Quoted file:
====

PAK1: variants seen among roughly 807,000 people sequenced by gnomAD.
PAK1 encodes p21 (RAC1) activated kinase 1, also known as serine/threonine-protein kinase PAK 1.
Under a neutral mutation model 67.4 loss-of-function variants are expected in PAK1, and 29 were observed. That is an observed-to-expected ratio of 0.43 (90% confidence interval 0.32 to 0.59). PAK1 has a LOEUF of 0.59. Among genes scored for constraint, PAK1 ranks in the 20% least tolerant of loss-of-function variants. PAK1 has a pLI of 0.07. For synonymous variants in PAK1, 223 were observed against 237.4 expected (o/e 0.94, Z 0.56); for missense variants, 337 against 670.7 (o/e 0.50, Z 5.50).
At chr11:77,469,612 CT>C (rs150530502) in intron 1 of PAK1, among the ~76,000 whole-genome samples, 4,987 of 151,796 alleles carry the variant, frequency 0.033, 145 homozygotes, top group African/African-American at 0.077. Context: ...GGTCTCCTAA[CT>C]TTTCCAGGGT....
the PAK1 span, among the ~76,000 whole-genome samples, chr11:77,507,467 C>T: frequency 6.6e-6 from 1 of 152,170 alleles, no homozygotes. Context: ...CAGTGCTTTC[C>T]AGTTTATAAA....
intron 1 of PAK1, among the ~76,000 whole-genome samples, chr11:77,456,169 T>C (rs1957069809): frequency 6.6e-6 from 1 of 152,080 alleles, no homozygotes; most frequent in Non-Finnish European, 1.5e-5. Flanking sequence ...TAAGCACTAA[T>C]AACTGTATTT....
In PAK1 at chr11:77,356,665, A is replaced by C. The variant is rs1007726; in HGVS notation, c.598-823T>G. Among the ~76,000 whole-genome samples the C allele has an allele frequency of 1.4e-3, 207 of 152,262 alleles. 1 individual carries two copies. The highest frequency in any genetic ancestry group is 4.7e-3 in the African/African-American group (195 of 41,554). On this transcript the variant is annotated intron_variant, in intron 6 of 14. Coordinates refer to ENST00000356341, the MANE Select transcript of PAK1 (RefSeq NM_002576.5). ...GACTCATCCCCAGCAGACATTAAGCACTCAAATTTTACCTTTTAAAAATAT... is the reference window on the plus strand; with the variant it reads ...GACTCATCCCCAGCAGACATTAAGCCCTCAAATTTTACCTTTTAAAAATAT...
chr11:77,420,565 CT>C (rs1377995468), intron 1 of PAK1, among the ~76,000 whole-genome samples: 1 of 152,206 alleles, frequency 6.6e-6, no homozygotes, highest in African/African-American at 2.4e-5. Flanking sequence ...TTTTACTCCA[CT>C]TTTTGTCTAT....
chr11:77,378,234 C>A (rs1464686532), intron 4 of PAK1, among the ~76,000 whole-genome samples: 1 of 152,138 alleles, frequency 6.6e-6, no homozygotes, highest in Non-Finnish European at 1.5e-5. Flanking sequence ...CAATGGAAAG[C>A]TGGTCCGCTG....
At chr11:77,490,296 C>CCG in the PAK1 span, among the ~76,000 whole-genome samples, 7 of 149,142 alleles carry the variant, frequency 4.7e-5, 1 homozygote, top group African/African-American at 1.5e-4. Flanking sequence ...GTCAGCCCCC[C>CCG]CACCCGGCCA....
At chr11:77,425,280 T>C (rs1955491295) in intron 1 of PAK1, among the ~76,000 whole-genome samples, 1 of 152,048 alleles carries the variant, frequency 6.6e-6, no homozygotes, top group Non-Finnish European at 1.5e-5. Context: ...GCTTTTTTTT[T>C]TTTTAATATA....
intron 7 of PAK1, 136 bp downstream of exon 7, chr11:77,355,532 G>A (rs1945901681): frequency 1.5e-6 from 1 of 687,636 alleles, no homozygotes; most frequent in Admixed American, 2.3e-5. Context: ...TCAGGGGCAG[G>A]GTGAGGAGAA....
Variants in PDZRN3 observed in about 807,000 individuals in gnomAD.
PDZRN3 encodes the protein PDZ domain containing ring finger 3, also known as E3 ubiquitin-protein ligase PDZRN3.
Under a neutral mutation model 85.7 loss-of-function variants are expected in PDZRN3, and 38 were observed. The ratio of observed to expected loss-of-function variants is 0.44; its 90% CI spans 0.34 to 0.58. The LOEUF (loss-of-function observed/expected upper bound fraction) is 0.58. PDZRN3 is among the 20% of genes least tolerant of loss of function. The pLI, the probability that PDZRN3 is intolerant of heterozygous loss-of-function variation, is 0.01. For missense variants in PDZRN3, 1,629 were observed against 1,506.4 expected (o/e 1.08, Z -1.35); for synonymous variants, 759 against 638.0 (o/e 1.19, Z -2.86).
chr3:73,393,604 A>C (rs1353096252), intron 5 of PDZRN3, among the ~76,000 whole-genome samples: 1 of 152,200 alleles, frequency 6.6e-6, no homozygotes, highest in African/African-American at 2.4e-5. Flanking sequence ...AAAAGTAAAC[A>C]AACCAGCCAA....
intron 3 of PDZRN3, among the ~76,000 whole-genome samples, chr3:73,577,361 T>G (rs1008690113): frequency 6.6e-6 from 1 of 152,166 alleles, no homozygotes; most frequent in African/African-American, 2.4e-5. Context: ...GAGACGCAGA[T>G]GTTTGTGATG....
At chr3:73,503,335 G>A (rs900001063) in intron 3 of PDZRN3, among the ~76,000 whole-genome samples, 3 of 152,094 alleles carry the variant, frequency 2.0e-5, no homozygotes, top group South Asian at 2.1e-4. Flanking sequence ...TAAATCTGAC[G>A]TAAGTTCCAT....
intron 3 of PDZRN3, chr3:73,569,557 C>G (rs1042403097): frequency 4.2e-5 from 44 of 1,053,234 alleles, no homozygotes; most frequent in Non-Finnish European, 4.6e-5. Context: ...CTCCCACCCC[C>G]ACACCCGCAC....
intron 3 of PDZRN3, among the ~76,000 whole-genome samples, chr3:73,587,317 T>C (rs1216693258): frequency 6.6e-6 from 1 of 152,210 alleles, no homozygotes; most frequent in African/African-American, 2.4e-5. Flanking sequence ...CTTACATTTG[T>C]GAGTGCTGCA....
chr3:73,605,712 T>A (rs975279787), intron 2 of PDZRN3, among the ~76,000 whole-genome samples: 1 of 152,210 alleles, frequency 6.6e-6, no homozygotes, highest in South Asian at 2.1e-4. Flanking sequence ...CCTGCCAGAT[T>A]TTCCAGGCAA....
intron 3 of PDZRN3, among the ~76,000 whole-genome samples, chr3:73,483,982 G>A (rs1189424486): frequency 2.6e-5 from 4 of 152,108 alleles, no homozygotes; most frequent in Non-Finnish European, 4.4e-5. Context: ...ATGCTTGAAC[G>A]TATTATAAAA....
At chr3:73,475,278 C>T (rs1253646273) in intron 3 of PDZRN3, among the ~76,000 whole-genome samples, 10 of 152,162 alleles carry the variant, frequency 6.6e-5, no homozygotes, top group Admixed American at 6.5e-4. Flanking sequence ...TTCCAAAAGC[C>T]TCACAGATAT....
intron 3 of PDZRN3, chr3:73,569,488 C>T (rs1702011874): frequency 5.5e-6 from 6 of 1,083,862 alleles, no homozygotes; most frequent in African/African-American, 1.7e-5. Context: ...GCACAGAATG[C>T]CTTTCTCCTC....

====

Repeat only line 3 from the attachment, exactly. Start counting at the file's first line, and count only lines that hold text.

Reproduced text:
Under a neutral mutation model 67.4 loss-of-function variants are expected in PAK1, and 29 were observed. That is an observed-to-expected ratio of 0.43 (90% confidence interval 0.32 to 0.59). PAK1 has a LOEUF of 0.59. Among genes scored for constraint, PAK1 ranks in the 20% least tolerant of loss-of-function variants. PAK1 has a pLI of 0.07. For synonymous variants in PAK1, 223 were observed against 237.4 expected (o/e 0.94, Z 0.56); for missense variants, 337 against 670.7 (o/e 0.50, Z 5.50).